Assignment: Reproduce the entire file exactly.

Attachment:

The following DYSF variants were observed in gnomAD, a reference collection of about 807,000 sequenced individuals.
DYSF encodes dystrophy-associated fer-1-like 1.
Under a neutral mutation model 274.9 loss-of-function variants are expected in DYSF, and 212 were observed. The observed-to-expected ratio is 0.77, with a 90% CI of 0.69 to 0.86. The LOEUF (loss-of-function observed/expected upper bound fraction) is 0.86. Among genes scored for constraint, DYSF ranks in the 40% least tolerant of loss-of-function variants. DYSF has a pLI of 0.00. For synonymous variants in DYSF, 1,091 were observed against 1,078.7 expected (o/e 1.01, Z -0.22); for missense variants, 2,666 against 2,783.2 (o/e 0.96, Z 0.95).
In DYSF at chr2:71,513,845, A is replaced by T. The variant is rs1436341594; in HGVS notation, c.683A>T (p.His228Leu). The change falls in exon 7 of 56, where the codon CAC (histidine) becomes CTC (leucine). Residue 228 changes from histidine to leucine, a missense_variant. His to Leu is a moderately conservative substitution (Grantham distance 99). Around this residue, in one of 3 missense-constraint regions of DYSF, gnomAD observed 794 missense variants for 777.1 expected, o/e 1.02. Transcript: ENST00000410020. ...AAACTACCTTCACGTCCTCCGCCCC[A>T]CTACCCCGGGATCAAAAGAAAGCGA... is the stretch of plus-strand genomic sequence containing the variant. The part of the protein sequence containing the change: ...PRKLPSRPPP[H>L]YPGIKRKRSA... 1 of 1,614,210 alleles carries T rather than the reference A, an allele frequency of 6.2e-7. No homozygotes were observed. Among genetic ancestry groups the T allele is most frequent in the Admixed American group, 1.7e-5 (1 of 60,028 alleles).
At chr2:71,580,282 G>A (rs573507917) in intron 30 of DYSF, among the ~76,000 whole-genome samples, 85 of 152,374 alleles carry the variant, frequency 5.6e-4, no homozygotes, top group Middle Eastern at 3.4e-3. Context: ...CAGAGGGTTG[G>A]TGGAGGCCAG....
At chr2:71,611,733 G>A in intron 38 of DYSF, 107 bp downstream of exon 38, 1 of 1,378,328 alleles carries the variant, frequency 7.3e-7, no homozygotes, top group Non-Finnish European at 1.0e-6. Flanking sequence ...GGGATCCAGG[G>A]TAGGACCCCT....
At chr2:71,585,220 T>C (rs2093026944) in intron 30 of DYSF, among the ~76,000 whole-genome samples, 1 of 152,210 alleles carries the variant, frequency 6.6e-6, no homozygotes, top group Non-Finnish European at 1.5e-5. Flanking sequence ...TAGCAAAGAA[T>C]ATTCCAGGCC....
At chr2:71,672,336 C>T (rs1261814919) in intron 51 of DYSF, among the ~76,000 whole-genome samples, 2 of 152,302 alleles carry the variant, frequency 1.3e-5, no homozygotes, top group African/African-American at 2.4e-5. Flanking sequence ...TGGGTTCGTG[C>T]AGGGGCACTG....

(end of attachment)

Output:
The following DYSF variants were observed in gnomAD, a reference collection of about 807,000 sequenced individuals.
DYSF encodes dystrophy-associated fer-1-like 1.
Under a neutral mutation model 274.9 loss-of-function variants are expected in DYSF, and 212 were observed. The observed-to-expected ratio is 0.77, with a 90% CI of 0.69 to 0.86. The LOEUF (loss-of-function observed/expected upper bound fraction) is 0.86. Among genes scored for constraint, DYSF ranks in the 40% least tolerant of loss-of-function variants. DYSF has a pLI of 0.00. For synonymous variants in DYSF, 1,091 were observed against 1,078.7 expected (o/e 1.01, Z -0.22); for missense variants, 2,666 against 2,783.2 (o/e 0.96, Z 0.95).
In DYSF at chr2:71,513,845, A is replaced by T. The variant is rs1436341594; in HGVS notation, c.683A>T (p.His228Leu). The change falls in exon 7 of 56, where the codon CAC (histidine) becomes CTC (leucine). Residue 228 changes from histidine to leucine, a missense_variant. His to Leu is a moderately conservative substitution (Grantham distance 99). Around this residue, in one of 3 missense-constraint regions of DYSF, gnomAD observed 794 missense variants for 777.1 expected, o/e 1.02. Transcript: ENST00000410020. ...AAACTACCTTCACGTCCTCCGCCCC[A>T]CTACCCCGGGATCAAAAGAAAGCGA... is the stretch of plus-strand genomic sequence containing the variant. The part of the protein sequence containing the change: ...PRKLPSRPPP[H>L]YPGIKRKRSA... 1 of 1,614,210 alleles carries T rather than the reference A, an allele frequency of 6.2e-7. No homozygotes were observed. Among genetic ancestry groups the T allele is most frequent in the Admixed American group, 1.7e-5 (1 of 60,028 alleles).
At chr2:71,580,282 G>A (rs573507917) in intron 30 of DYSF, among the ~76,000 whole-genome samples, 85 of 152,374 alleles carry the variant, frequency 5.6e-4, no homozygotes, top group Middle Eastern at 3.4e-3. Context: ...CAGAGGGTTG[G>A]TGGAGGCCAG....
At chr2:71,611,733 G>A in intron 38 of DYSF, 107 bp downstream of exon 38, 1 of 1,378,328 alleles carries the variant, frequency 7.3e-7, no homozygotes, top group Non-Finnish European at 1.0e-6. Flanking sequence ...GGGATCCAGG[G>A]TAGGACCCCT....
At chr2:71,585,220 T>C (rs2093026944) in intron 30 of DYSF, among the ~76,000 whole-genome samples, 1 of 152,210 alleles carries the variant, frequency 6.6e-6, no homozygotes, top group Non-Finnish European at 1.5e-5. Flanking sequence ...TAGCAAAGAA[T>C]ATTCCAGGCC....
At chr2:71,672,336 C>T (rs1261814919) in intron 51 of DYSF, among the ~76,000 whole-genome samples, 2 of 152,302 alleles carry the variant, frequency 1.3e-5, no homozygotes, top group African/African-American at 2.4e-5. Flanking sequence ...TGGGTTCGTG[C>T]AGGGGCACTG....